The US space agency, NASA, on Monday successfully tested a small helicopter on Mars, with flight data traveling across the “deep space network” and arriving at mission control several hours after the test was completed.
The “Ingenuity” executed a pre-programmed flight using an auto-pilot mechanism and a navigation system. The flight maneuver needed to be pre-programmed, as it takes 15 minutes for signals to travel from Earth to Mars.
The 1.8 kilogram (4 pound) craft was able to lift off, hover in place above the surface and then land gently. The test was carried out in a vast Martian basin called Jezero Crater.
In a live broadcast of the data arriving, NASA scientists applauded as images arrived showing the Ingenuity hovering above the Martian surface.
Images of the flight were captured by the Perseverance rover, which was parked some 76 meters from the flight zone. Cameras on Ingenuity also took several photos of the Martian surface. All of the flight data was transmitted back to Earth by Perseverance.
NASA hopes more images and a more complete video of the flight will arrive to Earth over the course of several days.
Ingenuity traveled to the red planet strapped to the Perseverance rover, which touched down on February 18 to begin a mission searching for signs of life on Mars.
For now, the goal of Ingenuity is to demonstrate its flight technology works, which could pave the way for faster exploration of extraterrestrial surfaces.
The thin air on Mars, with less than 1% of Earth’s atmospheric pressure, also makes it harder to achieve lift, although this is partially offset by a weaker gravitational pull.
NASA engineers had also been particularly concerned about wind gusts during the landing, as the helicopter cannot prop itself up if a gust of wind, or a botched maneuver, knocks it over.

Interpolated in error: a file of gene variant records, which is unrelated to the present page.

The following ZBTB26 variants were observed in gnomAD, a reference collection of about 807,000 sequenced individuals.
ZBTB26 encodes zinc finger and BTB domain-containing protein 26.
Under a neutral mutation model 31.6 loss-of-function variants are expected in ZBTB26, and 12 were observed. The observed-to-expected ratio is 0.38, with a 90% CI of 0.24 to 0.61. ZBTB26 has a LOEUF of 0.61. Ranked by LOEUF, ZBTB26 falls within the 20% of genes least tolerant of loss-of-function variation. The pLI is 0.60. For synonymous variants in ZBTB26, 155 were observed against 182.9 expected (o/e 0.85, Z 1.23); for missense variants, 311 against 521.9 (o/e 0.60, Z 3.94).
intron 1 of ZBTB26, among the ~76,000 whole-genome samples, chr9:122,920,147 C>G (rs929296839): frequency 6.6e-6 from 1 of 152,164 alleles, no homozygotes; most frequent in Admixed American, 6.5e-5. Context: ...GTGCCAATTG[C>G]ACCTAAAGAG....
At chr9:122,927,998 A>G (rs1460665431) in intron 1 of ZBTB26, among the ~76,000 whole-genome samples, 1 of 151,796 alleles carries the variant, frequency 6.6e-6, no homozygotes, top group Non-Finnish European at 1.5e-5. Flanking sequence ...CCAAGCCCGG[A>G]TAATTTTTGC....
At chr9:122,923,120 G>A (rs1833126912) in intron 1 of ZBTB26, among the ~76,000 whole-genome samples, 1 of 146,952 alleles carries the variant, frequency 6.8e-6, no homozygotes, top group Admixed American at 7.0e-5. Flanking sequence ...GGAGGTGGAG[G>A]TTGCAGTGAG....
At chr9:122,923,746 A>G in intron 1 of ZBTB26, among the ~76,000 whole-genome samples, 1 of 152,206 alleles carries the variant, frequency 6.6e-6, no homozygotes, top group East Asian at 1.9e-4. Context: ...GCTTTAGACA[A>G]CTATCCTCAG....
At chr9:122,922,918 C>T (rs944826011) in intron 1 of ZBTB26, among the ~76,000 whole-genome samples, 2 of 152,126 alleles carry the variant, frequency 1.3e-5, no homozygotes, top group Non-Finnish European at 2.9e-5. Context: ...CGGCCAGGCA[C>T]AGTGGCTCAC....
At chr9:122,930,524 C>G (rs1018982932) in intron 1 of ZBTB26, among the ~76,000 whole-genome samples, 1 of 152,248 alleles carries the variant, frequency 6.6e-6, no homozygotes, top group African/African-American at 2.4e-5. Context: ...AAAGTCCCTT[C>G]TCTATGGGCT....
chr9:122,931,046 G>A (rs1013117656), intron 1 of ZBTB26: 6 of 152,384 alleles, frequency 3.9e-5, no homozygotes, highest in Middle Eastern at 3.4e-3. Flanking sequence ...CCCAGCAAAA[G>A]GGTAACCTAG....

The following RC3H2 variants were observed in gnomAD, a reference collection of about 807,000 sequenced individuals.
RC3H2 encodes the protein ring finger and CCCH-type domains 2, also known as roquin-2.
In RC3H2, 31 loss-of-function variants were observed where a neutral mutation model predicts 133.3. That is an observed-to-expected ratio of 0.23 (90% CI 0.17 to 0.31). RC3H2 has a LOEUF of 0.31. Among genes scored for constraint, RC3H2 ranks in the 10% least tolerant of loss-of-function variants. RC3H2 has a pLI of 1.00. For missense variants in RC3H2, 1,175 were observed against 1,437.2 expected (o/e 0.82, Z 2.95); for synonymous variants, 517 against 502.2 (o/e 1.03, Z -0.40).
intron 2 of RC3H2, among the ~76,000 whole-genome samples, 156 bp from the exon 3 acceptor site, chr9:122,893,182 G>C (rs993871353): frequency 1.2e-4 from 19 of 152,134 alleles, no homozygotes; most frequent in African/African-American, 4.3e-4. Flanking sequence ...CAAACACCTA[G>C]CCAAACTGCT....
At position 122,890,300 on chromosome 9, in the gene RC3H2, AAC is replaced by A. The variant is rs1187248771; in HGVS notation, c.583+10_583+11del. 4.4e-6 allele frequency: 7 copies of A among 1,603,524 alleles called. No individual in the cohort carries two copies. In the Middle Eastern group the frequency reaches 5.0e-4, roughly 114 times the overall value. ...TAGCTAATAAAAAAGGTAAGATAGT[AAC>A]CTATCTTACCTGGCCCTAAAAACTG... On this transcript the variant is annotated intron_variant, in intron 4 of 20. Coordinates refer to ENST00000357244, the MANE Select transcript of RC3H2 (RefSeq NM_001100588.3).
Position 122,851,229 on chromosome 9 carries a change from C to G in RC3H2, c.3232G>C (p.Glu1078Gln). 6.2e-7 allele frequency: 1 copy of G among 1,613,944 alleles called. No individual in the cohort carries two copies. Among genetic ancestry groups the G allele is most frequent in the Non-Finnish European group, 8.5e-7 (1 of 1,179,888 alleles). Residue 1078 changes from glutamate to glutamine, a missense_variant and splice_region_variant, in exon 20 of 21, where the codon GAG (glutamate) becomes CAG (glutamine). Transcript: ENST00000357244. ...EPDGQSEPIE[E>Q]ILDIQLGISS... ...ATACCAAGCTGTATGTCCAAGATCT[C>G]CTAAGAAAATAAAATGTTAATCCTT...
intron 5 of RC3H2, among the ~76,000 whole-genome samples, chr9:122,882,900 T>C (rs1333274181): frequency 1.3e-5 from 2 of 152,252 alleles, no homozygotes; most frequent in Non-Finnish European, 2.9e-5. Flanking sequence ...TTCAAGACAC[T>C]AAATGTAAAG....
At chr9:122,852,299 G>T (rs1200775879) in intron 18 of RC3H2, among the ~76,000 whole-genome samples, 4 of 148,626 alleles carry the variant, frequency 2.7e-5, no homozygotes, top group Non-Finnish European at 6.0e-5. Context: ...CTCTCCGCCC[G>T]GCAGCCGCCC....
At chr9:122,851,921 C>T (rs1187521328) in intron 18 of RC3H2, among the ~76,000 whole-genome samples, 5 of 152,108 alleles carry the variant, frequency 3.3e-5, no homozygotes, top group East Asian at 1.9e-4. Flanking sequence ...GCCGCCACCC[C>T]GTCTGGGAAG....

After the first successful flight, Ingenuity will carry out several more lengthier flights in the coming weeks, with brakes in between to recharge batteries.
The next flight should take place within the next four days. Each test will be successively more difficult.
For example, NASA aims to have the craft rise five meters and then move laterally.
Ingenuity’s “lifetime will be determined by how well it lands” each time, said said Ingenuity project manager MiMi Aung.
“Once we get to the fourth and fifth flight, we’ll have fun,” she said. “We are going to take very bold flights and take high risk.”
NASA had compared Monday’s test flight to the first powered flight of an airplane, achieved in 1903 by the Wright brothers in Kitty Hawk, North Carolina. The Ingenuity is carrying a small piece of fabric from the Kitty Hawk plane, in honor of the first flight on Earth.
“Each world gets only one first flight,” said Aung ahead of the first attempt.
wmr/rt (AFP, Reuters)